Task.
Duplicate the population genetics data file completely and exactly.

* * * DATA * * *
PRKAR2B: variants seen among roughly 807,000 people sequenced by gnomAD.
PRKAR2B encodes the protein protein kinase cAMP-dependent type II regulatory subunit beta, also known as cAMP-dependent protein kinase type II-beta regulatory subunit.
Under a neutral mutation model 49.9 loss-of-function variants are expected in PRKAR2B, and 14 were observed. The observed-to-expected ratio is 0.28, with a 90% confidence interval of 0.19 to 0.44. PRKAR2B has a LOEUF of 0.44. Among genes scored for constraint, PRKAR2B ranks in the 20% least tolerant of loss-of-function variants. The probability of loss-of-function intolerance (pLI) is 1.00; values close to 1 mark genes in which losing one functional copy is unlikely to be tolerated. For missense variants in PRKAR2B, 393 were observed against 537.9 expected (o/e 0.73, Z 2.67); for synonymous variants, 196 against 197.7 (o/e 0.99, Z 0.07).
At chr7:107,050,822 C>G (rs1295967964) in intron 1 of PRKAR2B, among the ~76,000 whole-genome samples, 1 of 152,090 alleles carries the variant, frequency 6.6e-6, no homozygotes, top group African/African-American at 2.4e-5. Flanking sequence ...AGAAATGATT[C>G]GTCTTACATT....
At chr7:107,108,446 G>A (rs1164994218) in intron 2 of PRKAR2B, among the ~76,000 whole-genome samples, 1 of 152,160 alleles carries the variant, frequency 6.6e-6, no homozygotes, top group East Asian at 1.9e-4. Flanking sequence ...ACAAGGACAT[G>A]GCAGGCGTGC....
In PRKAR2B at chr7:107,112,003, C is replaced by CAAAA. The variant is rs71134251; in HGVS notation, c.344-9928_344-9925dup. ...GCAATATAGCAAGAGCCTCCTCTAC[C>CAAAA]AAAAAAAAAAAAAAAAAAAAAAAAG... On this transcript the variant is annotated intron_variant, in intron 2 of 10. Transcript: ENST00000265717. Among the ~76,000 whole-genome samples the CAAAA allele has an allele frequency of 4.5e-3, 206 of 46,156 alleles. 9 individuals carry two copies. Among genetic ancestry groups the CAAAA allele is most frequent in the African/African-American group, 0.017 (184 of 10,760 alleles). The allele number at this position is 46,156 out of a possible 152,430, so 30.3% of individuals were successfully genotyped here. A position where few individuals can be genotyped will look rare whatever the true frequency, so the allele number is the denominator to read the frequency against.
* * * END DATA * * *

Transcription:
PRKAR2B: variants seen among roughly 807,000 people sequenced by gnomAD.
PRKAR2B encodes the protein protein kinase cAMP-dependent type II regulatory subunit beta, also known as cAMP-dependent protein kinase type II-beta regulatory subunit.
Under a neutral mutation model 49.9 loss-of-function variants are expected in PRKAR2B, and 14 were observed. The observed-to-expected ratio is 0.28, with a 90% confidence interval of 0.19 to 0.44. PRKAR2B has a LOEUF of 0.44. Among genes scored for constraint, PRKAR2B ranks in the 20% least tolerant of loss-of-function variants. The probability of loss-of-function intolerance (pLI) is 1.00; values close to 1 mark genes in which losing one functional copy is unlikely to be tolerated. For missense variants in PRKAR2B, 393 were observed against 537.9 expected (o/e 0.73, Z 2.67); for synonymous variants, 196 against 197.7 (o/e 0.99, Z 0.07).
At chr7:107,050,822 C>G (rs1295967964) in intron 1 of PRKAR2B, among the ~76,000 whole-genome samples, 1 of 152,090 alleles carries the variant, frequency 6.6e-6, no homozygotes, top group African/African-American at 2.4e-5. Flanking sequence ...AGAAATGATT[C>G]GTCTTACATT....
At chr7:107,108,446 G>A (rs1164994218) in intron 2 of PRKAR2B, among the ~76,000 whole-genome samples, 1 of 152,160 alleles carries the variant, frequency 6.6e-6, no homozygotes, top group East Asian at 1.9e-4. Flanking sequence ...ACAAGGACAT[G>A]GCAGGCGTGC....
In PRKAR2B at chr7:107,112,003, C is replaced by CAAAA. The variant is rs71134251; in HGVS notation, c.344-9928_344-9925dup. ...GCAATATAGCAAGAGCCTCCTCTAC[C>CAAAA]AAAAAAAAAAAAAAAAAAAAAAAAG... On this transcript the variant is annotated intron_variant, in intron 2 of 10. Transcript: ENST00000265717. Among the ~76,000 whole-genome samples the CAAAA allele has an allele frequency of 4.5e-3, 206 of 46,156 alleles. 9 individuals carry two copies. Among genetic ancestry groups the CAAAA allele is most frequent in the African/African-American group, 0.017 (184 of 10,760 alleles). The allele number at this position is 46,156 out of a possible 152,430, so 30.3% of individuals were successfully genotyped here. A position where few individuals can be genotyped will look rare whatever the true frequency, so the allele number is the denominator to read the frequency against.